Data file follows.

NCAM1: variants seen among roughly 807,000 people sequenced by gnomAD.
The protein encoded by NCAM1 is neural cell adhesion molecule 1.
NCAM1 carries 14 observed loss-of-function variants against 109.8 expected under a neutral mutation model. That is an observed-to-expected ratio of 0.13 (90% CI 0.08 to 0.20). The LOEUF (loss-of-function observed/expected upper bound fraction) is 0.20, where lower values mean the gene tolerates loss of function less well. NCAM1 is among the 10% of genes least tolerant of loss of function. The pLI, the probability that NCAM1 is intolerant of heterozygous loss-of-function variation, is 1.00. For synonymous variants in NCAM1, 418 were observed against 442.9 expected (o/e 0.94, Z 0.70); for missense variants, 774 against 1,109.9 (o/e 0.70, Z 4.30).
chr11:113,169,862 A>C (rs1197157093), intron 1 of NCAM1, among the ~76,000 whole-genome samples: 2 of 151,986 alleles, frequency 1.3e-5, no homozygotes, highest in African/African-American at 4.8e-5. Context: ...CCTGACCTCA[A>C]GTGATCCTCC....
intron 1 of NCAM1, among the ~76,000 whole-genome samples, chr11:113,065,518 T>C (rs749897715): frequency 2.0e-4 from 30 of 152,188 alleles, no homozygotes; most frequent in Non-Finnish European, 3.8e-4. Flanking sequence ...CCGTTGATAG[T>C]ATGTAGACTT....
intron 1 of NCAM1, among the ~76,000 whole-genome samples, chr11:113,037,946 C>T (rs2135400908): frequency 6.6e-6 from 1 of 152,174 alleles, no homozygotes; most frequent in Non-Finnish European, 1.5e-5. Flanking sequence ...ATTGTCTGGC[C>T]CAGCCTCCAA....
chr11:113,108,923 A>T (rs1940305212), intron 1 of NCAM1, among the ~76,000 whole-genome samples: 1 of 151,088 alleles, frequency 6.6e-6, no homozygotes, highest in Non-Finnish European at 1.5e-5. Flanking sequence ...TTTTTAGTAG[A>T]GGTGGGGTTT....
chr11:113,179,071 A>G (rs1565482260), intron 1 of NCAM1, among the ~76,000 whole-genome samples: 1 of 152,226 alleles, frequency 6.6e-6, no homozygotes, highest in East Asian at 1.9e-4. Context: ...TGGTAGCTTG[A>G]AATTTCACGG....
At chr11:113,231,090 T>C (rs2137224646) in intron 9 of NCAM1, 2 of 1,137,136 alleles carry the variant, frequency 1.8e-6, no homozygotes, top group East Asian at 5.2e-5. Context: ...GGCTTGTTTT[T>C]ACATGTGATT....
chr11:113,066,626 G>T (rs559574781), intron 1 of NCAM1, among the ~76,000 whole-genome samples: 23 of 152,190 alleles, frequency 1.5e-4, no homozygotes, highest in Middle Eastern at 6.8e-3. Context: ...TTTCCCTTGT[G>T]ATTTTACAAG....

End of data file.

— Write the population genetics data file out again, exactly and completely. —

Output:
NCAM1: variants seen among roughly 807,000 people sequenced by gnomAD.
The protein encoded by NCAM1 is neural cell adhesion molecule 1.
NCAM1 carries 14 observed loss-of-function variants against 109.8 expected under a neutral mutation model. That is an observed-to-expected ratio of 0.13 (90% CI 0.08 to 0.20). The LOEUF (loss-of-function observed/expected upper bound fraction) is 0.20, where lower values mean the gene tolerates loss of function less well. NCAM1 is among the 10% of genes least tolerant of loss of function. The pLI, the probability that NCAM1 is intolerant of heterozygous loss-of-function variation, is 1.00. For synonymous variants in NCAM1, 418 were observed against 442.9 expected (o/e 0.94, Z 0.70); for missense variants, 774 against 1,109.9 (o/e 0.70, Z 4.30).
chr11:113,169,862 A>C (rs1197157093), intron 1 of NCAM1, among the ~76,000 whole-genome samples: 2 of 151,986 alleles, frequency 1.3e-5, no homozygotes, highest in African/African-American at 4.8e-5. Context: ...CCTGACCTCA[A>C]GTGATCCTCC....
intron 1 of NCAM1, among the ~76,000 whole-genome samples, chr11:113,065,518 T>C (rs749897715): frequency 2.0e-4 from 30 of 152,188 alleles, no homozygotes; most frequent in Non-Finnish European, 3.8e-4. Flanking sequence ...CCGTTGATAG[T>C]ATGTAGACTT....
intron 1 of NCAM1, among the ~76,000 whole-genome samples, chr11:113,037,946 C>T (rs2135400908): frequency 6.6e-6 from 1 of 152,174 alleles, no homozygotes; most frequent in Non-Finnish European, 1.5e-5. Flanking sequence ...ATTGTCTGGC[C>T]CAGCCTCCAA....
chr11:113,108,923 A>T (rs1940305212), intron 1 of NCAM1, among the ~76,000 whole-genome samples: 1 of 151,088 alleles, frequency 6.6e-6, no homozygotes, highest in Non-Finnish European at 1.5e-5. Flanking sequence ...TTTTTAGTAG[A>T]GGTGGGGTTT....
chr11:113,179,071 A>G (rs1565482260), intron 1 of NCAM1, among the ~76,000 whole-genome samples: 1 of 152,226 alleles, frequency 6.6e-6, no homozygotes, highest in East Asian at 1.9e-4. Context: ...TGGTAGCTTG[A>G]AATTTCACGG....
At chr11:113,231,090 T>C (rs2137224646) in intron 9 of NCAM1, 2 of 1,137,136 alleles carry the variant, frequency 1.8e-6, no homozygotes, top group East Asian at 5.2e-5. Context: ...GGCTTGTTTT[T>C]ACATGTGATT....
chr11:113,066,626 G>T (rs559574781), intron 1 of NCAM1, among the ~76,000 whole-genome samples: 23 of 152,190 alleles, frequency 1.5e-4, no homozygotes, highest in Middle Eastern at 6.8e-3. Context: ...TTTCCCTTGT[G>T]ATTTTACAAG....